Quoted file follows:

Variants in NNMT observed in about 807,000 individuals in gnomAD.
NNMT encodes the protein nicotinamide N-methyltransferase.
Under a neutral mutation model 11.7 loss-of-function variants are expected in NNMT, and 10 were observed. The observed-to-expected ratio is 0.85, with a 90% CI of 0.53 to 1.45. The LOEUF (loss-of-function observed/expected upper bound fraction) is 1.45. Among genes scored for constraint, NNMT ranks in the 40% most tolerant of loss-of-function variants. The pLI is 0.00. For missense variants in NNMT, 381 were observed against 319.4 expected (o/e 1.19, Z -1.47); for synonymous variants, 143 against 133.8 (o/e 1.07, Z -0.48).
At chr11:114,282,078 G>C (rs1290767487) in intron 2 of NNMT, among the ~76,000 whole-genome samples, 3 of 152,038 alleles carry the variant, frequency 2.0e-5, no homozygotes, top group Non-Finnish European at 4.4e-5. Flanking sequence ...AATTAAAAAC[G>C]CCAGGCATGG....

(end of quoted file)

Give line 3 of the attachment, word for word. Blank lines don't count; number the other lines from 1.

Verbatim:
Under a neutral mutation model 11.7 loss-of-function variants are expected in NNMT, and 10 were observed. The observed-to-expected ratio is 0.85, with a 90% CI of 0.53 to 1.45. The LOEUF (loss-of-function observed/expected upper bound fraction) is 1.45. Among genes scored for constraint, NNMT ranks in the 40% most tolerant of loss-of-function variants. The pLI is 0.00. For missense variants in NNMT, 381 were observed against 319.4 expected (o/e 1.19, Z -1.47); for synonymous variants, 143 against 133.8 (o/e 1.07, Z -0.48).